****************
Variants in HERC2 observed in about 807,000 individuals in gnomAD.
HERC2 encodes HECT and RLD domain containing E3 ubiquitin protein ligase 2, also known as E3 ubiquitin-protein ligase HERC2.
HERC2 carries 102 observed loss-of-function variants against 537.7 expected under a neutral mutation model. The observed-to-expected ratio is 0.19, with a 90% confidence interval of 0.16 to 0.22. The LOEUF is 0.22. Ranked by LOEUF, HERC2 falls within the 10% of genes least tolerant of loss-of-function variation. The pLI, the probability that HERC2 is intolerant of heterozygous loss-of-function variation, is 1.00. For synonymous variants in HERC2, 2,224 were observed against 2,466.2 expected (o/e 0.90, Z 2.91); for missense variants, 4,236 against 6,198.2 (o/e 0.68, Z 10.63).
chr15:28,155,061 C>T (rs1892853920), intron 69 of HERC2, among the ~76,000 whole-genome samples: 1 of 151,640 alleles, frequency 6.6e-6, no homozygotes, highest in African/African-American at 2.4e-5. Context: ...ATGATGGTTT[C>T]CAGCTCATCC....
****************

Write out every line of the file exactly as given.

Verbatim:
Variants in HERC2 observed in about 807,000 individuals in gnomAD.
HERC2 encodes HECT and RLD domain containing E3 ubiquitin protein ligase 2, also known as E3 ubiquitin-protein ligase HERC2.
HERC2 carries 102 observed loss-of-function variants against 537.7 expected under a neutral mutation model. The observed-to-expected ratio is 0.19, with a 90% confidence interval of 0.16 to 0.22. The LOEUF is 0.22. Ranked by LOEUF, HERC2 falls within the 10% of genes least tolerant of loss-of-function variation. The pLI, the probability that HERC2 is intolerant of heterozygous loss-of-function variation, is 1.00. For synonymous variants in HERC2, 2,224 were observed against 2,466.2 expected (o/e 0.90, Z 2.91); for missense variants, 4,236 against 6,198.2 (o/e 0.68, Z 10.63).
chr15:28,155,061 C>T (rs1892853920), intron 69 of HERC2, among the ~76,000 whole-genome samples: 1 of 151,640 alleles, frequency 6.6e-6, no homozygotes, highest in African/African-American at 2.4e-5. Context: ...ATGATGGTTT[C>T]CAGCTCATCC....